Many of you may already know, two weeks ago the Convergence came into town. For those who do not know, the Convergence is a conference where past members of a social justice-focused study abroad program in Thailand come together somewhere in the U.S. to do work around a community issue. Previous years have included locations such as New Orleans and Kentucky and this year’s Convergence was hosted by KI and focused on food justice. Two parts reunion, one part conference, and one part service, the Convergence was not only a way to keep people engaged in social justice work after coming back from Thailand but also a way to connect issues happening in Thailand with those happening in the U.S., expanding a collective perspective on the reality that is the interconnectedness of the Global South.
As part of the plethora of workshops, conversations, and dialogue that took place during the Convergence, two other members of the KI team, Annie and Mat, and I planned a series of workshops around food justice. The key goal of the workshops were to paint a larger picture of what food justice looks like using personal narratives, stories, farm tours, and service work. According to Mat:
Annie and I had done some similar workshops about systematic issues and community work but we took a much more personal approach this time. Our intent was to not to have a broad philosophical or analytical discussion that was disconnected from emotion. Too often people put way too much emphasis on the jargon and not how they feel about it. Everyone has experience with these social constructs and we wanted to tap into that collective expertise.
The convergence was smaller than what we prepared for but the flow of the workshop was nice with an intimate group. Also everyone who participated knew each other so it was easy for the dialogue we started to carry beyond the workshop.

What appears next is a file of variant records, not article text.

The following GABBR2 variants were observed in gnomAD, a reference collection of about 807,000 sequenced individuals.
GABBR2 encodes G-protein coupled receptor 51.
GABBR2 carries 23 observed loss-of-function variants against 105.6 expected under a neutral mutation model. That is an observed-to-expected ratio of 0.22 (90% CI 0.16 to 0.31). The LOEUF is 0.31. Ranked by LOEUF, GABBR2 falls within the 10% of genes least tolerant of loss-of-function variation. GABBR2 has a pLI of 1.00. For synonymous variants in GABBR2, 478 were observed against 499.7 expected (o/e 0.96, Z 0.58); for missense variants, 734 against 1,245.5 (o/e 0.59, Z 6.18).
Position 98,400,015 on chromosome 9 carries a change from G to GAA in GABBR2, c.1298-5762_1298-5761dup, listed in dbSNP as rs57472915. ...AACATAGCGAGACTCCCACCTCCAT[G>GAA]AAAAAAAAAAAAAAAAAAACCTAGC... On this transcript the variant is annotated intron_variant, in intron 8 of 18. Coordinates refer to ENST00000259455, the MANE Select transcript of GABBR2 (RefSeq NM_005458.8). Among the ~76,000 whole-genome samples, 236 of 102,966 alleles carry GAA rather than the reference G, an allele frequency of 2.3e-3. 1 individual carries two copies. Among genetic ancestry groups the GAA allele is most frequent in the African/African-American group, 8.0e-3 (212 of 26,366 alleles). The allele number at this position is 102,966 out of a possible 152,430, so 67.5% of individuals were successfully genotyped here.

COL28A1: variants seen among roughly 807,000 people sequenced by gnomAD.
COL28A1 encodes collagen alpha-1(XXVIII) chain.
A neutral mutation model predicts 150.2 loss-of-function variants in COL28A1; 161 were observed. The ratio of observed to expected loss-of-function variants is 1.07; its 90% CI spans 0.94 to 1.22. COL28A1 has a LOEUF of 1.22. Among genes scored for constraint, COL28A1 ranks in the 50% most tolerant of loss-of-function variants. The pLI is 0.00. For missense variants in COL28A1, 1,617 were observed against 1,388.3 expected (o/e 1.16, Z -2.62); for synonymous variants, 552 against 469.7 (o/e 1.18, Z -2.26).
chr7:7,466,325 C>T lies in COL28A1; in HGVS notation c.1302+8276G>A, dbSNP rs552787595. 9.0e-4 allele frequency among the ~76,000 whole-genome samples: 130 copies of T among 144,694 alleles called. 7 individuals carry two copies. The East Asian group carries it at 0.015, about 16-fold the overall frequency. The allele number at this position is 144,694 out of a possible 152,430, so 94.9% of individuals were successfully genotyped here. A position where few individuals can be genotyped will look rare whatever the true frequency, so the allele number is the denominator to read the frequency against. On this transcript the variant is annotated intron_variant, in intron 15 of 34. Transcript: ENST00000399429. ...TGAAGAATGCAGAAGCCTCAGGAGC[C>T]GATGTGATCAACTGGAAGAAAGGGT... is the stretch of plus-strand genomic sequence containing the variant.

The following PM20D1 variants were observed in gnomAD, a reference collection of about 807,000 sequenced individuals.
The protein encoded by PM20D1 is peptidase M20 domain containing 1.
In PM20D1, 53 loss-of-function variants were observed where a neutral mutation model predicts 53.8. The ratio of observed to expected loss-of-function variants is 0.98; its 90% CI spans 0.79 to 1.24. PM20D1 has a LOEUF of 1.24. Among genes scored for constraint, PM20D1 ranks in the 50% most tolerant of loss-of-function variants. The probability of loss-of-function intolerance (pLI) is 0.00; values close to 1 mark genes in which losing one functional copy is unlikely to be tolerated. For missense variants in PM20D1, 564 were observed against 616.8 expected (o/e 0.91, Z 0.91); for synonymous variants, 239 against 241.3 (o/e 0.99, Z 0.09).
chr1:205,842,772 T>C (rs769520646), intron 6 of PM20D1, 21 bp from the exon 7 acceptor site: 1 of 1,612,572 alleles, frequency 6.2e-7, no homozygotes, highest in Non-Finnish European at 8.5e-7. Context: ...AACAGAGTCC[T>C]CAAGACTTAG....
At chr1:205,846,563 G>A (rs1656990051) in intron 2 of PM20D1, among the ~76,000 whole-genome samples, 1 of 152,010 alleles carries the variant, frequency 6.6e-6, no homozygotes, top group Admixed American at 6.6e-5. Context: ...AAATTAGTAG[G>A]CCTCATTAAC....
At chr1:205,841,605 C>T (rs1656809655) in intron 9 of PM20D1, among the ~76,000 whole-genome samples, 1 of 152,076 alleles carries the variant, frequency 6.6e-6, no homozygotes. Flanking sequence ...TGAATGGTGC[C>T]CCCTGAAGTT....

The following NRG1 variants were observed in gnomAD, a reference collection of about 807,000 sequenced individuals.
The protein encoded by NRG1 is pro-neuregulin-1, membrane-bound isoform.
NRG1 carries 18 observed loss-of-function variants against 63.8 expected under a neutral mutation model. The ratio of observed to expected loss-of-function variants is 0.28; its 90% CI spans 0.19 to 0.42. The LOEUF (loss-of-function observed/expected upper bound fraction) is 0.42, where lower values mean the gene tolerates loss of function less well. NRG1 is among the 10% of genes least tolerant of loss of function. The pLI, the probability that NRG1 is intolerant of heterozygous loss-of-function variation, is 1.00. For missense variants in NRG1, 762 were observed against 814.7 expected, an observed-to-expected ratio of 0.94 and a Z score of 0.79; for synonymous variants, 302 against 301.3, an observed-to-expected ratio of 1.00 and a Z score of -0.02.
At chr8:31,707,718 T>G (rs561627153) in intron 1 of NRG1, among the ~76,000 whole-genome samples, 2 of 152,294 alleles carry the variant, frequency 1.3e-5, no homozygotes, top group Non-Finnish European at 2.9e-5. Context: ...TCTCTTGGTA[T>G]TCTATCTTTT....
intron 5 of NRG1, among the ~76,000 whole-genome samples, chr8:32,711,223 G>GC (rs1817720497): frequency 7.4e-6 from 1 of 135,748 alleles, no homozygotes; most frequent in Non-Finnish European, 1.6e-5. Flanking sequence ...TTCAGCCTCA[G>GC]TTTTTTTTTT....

Personal experiences are often discredited as legitimate forms of knowledge, seen as biased or too subjective. Through these workshops, we hoped to reclaim the process of teaching through story. Narratives can also be seen as puzzle pieces and sharing narratives also allowed participants to fit their own narratives within the context of the struggles of other individuals and communities.
The first workshop of the series acted as an orientation and introduction to food justice. Annie and Mat focused on sharing food stories, particularly those about how we sourced the food we ate. With people coming from all over the nation and some just returning from Thailand, there was a wealth of experience, which shed light to the backgrounds and histories that led to our different understandings of the importance of food.
As a basic human need, food is also an important tool in exploring other social issues, such as discrimination and the intersection between how race, class, gender, sexuality, and nation with food security and accessibility. After this personal approach to food, I facilitated a discussion about the larger structures and systems underlying the continued oppression and marginalization of working class communities of color. We discussed the assumptions people might have when they enter a community they were new to and also the assumptions communities might have of them. Tying in the concept of cultural hegemony (for more information, take a look at my previous blog), we sought to find ways to carry out community-based work without perpetuating those same oppressive structures.
To give different perspectives on what the movement looks like outside of KI, the group also went on a farm tour of four urban farms around Indianapolis: Big City Farms, Fruit Loop Acres, the Paramount School of Excellence, and Felege Hiywot. As we visited each location, we spent time talking to farmers, learning about the history of each farm and their future directions. Each farmer had their own food story to tell, giving insight into how they became involved in urban agriculture and their place within the larger food justice movement.
The final workshop acted as a space for critical analysis and reflection of our experiences with food justice at KI and Indianapolis. Anthony Perry, a cook at the restaurant Duos, gave an account about his experience graduating from the Second Helpings Program (http://www.secondhelpings.org/), a food rescue program that also trains unemployed adults for careers in the culinary industry. While food justice is often seen as eating organic, building urban farms, or cooking slow food, his experience further reminded us of the role that employment and economics often play in impacting food accessibility and food security. In the discussion of the farm tour, we were able to deconstruct the purpose urban agriculture serves within the food justice movement and the impact it has on working class communities of color. Overall, the workshops were successful in demonstrating how the work at KI was grounded in the community we work with and painting a larger picture of the food justice movement and the role that KI plays within it.